“Now we have this opportunity to scan 19-year-olds for whom we have all this data. This is the clearest opportunity yet” to answer some of those questions, said Savage, a professor of psychology and Mildred Francis Thompson Professor of social sciences.
The new research will build on previous studies, begun at Nebraska by Kimberly Espy, who is now at the University of Texas at San Antonio but is still involved in the Nebraska work, and continued by Nelson’s team.
Those include studies of how behavioral and environmental factors affect susceptibility to obesity, which can lead to a number of health complications, including diabetes, heart disease and some cancers. For example, Husker researchers have mapped the food and exercise options throughout Lincoln so they can determine the environments of the various neighborhoods where their 300 subjects live.
“Essentially what we’re doing is looking to leverage the very rich data that we’ve collected from this sample since preschool,” Nelson said.
“That’s the most innovative aspect” of the university’s research, Nelson said. It combines developmental, cognitive and environmental science to get at answers.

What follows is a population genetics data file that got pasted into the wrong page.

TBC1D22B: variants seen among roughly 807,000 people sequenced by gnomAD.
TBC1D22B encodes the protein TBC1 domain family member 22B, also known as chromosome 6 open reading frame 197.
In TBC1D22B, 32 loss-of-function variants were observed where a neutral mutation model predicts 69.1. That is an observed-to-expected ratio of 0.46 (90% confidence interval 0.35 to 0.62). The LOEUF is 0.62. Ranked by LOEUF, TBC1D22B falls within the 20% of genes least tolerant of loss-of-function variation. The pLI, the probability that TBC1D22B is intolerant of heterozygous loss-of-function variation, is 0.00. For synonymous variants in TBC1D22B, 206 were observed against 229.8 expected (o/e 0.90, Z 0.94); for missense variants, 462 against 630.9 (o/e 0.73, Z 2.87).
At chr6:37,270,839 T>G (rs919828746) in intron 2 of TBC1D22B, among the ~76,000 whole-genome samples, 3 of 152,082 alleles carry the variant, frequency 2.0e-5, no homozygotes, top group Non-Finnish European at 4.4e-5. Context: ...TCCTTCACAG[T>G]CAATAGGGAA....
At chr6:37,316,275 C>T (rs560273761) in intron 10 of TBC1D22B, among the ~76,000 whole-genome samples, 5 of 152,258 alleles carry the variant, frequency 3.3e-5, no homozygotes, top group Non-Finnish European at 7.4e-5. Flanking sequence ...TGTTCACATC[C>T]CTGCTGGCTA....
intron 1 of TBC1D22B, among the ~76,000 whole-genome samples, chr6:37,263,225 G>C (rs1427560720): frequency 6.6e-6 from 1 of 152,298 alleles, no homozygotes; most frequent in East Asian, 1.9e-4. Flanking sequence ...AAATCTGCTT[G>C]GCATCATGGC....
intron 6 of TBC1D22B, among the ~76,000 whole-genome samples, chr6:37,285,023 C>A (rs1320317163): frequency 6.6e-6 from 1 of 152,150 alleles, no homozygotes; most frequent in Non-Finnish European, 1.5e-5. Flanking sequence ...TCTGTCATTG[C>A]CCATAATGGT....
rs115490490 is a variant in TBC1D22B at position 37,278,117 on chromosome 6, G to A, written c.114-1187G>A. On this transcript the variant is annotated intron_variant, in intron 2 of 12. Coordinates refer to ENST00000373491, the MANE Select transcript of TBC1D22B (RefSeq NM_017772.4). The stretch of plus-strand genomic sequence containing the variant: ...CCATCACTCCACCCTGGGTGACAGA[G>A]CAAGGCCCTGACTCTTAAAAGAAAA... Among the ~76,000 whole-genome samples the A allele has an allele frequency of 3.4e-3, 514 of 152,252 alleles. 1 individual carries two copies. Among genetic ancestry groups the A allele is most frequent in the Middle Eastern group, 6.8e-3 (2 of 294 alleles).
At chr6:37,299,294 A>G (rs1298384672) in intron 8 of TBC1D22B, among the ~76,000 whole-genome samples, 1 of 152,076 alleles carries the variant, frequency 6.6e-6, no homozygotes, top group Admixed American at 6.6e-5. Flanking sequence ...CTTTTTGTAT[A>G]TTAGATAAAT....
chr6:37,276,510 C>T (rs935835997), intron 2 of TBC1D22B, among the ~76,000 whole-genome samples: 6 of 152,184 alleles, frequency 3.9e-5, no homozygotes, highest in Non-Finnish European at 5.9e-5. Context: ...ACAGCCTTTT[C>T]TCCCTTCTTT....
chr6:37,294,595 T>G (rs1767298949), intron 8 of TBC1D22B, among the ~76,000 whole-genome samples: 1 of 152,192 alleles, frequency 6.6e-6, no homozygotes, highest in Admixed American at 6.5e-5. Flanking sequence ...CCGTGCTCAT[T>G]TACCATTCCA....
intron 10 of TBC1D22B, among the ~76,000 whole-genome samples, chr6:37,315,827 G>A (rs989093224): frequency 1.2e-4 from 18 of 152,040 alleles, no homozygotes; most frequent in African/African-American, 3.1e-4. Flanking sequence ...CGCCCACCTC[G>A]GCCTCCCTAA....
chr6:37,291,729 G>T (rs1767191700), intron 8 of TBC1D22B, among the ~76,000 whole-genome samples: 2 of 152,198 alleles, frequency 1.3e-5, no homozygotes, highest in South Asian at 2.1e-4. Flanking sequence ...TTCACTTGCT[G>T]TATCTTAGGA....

“Those are robust areas of obesity research but they’re very rarely combined,” he said.
In addition to Espy, Nelson and Savage, the team includes Jennifer Nelson, research associate professor of psychology and director of research strategy and infrastructure in the Office of Research and Economic Development; Becca Brock, associate professor of psychology; Doug Schultz, research assistant professor; and the University of Nebraska Medical Center’s Jennie Hill, associate professor of epidemiology, and Amy Yaroch, professor of health promotion, social and behavioral health.